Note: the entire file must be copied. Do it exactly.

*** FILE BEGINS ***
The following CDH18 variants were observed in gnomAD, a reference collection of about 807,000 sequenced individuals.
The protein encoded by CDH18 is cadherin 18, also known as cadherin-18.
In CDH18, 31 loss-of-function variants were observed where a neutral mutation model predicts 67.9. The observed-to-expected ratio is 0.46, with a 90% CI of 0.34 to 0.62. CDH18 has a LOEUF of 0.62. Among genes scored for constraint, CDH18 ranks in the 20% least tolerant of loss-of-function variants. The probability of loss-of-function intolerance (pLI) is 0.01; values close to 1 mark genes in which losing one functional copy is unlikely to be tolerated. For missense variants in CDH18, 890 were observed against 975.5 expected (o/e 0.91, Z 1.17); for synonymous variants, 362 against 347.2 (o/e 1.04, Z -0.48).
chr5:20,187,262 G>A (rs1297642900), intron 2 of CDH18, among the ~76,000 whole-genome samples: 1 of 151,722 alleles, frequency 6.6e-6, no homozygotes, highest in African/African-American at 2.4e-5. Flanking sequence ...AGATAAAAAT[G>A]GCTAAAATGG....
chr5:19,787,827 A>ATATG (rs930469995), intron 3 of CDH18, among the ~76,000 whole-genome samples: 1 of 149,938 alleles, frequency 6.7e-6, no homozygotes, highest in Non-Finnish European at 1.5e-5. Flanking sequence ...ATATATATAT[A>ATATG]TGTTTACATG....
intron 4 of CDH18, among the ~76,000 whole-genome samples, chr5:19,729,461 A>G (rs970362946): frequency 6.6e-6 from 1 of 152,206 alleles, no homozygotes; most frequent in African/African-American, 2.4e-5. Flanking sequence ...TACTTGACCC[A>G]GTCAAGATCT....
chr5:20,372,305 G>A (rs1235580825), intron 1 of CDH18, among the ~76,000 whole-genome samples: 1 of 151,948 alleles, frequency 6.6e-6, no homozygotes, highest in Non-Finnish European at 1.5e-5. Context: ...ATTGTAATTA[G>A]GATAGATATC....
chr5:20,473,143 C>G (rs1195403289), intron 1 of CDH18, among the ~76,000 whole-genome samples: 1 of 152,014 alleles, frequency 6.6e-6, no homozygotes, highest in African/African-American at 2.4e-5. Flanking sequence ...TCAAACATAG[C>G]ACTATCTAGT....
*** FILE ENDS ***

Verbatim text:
The following CDH18 variants were observed in gnomAD, a reference collection of about 807,000 sequenced individuals.
The protein encoded by CDH18 is cadherin 18, also known as cadherin-18.
In CDH18, 31 loss-of-function variants were observed where a neutral mutation model predicts 67.9. The observed-to-expected ratio is 0.46, with a 90% CI of 0.34 to 0.62. CDH18 has a LOEUF of 0.62. Among genes scored for constraint, CDH18 ranks in the 20% least tolerant of loss-of-function variants. The probability of loss-of-function intolerance (pLI) is 0.01; values close to 1 mark genes in which losing one functional copy is unlikely to be tolerated. For missense variants in CDH18, 890 were observed against 975.5 expected (o/e 0.91, Z 1.17); for synonymous variants, 362 against 347.2 (o/e 1.04, Z -0.48).
chr5:20,187,262 G>A (rs1297642900), intron 2 of CDH18, among the ~76,000 whole-genome samples: 1 of 151,722 alleles, frequency 6.6e-6, no homozygotes, highest in African/African-American at 2.4e-5. Flanking sequence ...AGATAAAAAT[G>A]GCTAAAATGG....
chr5:19,787,827 A>ATATG (rs930469995), intron 3 of CDH18, among the ~76,000 whole-genome samples: 1 of 149,938 alleles, frequency 6.7e-6, no homozygotes, highest in Non-Finnish European at 1.5e-5. Flanking sequence ...ATATATATAT[A>ATATG]TGTTTACATG....
intron 4 of CDH18, among the ~76,000 whole-genome samples, chr5:19,729,461 A>G (rs970362946): frequency 6.6e-6 from 1 of 152,206 alleles, no homozygotes; most frequent in African/African-American, 2.4e-5. Flanking sequence ...TACTTGACCC[A>G]GTCAAGATCT....
chr5:20,372,305 G>A (rs1235580825), intron 1 of CDH18, among the ~76,000 whole-genome samples: 1 of 151,948 alleles, frequency 6.6e-6, no homozygotes, highest in Non-Finnish European at 1.5e-5. Context: ...ATTGTAATTA[G>A]GATAGATATC....
chr5:20,473,143 C>G (rs1195403289), intron 1 of CDH18, among the ~76,000 whole-genome samples: 1 of 152,014 alleles, frequency 6.6e-6, no homozygotes, highest in African/African-American at 2.4e-5. Flanking sequence ...TCAAACATAG[C>G]ACTATCTAGT....